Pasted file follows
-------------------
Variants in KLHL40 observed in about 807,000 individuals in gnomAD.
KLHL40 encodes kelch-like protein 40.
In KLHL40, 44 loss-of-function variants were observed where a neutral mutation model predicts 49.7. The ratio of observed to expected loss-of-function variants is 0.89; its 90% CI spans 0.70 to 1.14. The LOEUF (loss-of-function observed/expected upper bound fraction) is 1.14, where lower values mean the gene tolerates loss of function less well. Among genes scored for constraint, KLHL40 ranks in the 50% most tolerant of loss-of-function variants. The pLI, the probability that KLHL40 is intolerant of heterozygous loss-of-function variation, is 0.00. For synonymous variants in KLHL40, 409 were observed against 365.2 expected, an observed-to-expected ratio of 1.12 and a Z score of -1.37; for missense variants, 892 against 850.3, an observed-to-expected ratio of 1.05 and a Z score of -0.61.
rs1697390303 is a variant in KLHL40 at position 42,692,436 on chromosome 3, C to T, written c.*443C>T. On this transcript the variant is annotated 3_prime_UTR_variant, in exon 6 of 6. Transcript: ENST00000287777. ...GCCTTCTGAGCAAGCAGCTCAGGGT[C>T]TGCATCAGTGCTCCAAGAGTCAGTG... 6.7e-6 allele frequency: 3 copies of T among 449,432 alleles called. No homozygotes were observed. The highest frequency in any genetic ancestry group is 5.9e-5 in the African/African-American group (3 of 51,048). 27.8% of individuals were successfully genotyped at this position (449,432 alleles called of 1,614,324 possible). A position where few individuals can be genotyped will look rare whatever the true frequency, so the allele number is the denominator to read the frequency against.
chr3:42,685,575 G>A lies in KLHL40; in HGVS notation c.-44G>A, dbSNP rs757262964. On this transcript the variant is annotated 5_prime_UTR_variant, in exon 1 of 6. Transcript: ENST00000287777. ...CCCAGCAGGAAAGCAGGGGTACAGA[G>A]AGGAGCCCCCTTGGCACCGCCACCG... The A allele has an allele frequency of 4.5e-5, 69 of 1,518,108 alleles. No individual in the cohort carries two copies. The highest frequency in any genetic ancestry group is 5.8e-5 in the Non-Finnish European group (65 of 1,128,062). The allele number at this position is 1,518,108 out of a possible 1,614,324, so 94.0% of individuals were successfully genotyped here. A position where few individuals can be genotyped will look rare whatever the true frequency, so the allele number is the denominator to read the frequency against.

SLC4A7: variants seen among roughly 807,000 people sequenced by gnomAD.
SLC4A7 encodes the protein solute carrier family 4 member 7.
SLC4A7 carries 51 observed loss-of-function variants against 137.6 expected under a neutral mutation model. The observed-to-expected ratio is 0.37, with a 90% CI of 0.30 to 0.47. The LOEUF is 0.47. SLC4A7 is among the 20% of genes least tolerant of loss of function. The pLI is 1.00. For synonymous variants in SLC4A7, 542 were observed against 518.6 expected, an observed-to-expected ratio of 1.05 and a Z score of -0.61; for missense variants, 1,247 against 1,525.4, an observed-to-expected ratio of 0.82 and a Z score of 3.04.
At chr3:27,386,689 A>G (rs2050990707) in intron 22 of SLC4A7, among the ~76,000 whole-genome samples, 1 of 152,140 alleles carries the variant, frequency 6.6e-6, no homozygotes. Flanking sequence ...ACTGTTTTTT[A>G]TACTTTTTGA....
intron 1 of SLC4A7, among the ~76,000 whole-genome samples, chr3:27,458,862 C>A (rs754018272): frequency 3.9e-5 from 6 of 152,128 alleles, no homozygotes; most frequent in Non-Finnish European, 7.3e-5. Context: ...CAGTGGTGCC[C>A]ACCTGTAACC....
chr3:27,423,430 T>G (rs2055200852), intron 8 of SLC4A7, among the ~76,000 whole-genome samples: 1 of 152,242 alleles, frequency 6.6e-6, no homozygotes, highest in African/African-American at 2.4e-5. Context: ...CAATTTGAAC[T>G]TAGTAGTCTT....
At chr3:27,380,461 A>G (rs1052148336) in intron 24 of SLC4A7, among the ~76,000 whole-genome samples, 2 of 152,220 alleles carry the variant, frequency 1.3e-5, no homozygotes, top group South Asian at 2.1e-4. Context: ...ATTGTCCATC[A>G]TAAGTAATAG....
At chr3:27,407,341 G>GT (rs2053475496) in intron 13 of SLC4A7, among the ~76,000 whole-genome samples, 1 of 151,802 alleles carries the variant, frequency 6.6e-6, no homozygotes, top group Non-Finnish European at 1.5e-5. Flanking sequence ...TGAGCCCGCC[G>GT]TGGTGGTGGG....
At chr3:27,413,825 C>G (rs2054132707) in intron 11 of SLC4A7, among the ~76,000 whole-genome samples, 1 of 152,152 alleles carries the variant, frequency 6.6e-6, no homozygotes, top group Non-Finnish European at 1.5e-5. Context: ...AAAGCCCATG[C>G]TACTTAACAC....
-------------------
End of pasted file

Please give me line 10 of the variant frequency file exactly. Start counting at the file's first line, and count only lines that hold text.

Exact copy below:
intron 1 of SLC4A7, among the ~76,000 whole-genome samples, chr3:27,458,862 C>A (rs754018272): frequency 3.9e-5 from 6 of 152,128 alleles, no homozygotes; most frequent in Non-Finnish European, 7.3e-5. Context: ...CAGTGGTGCC[C>A]ACCTGTAACC....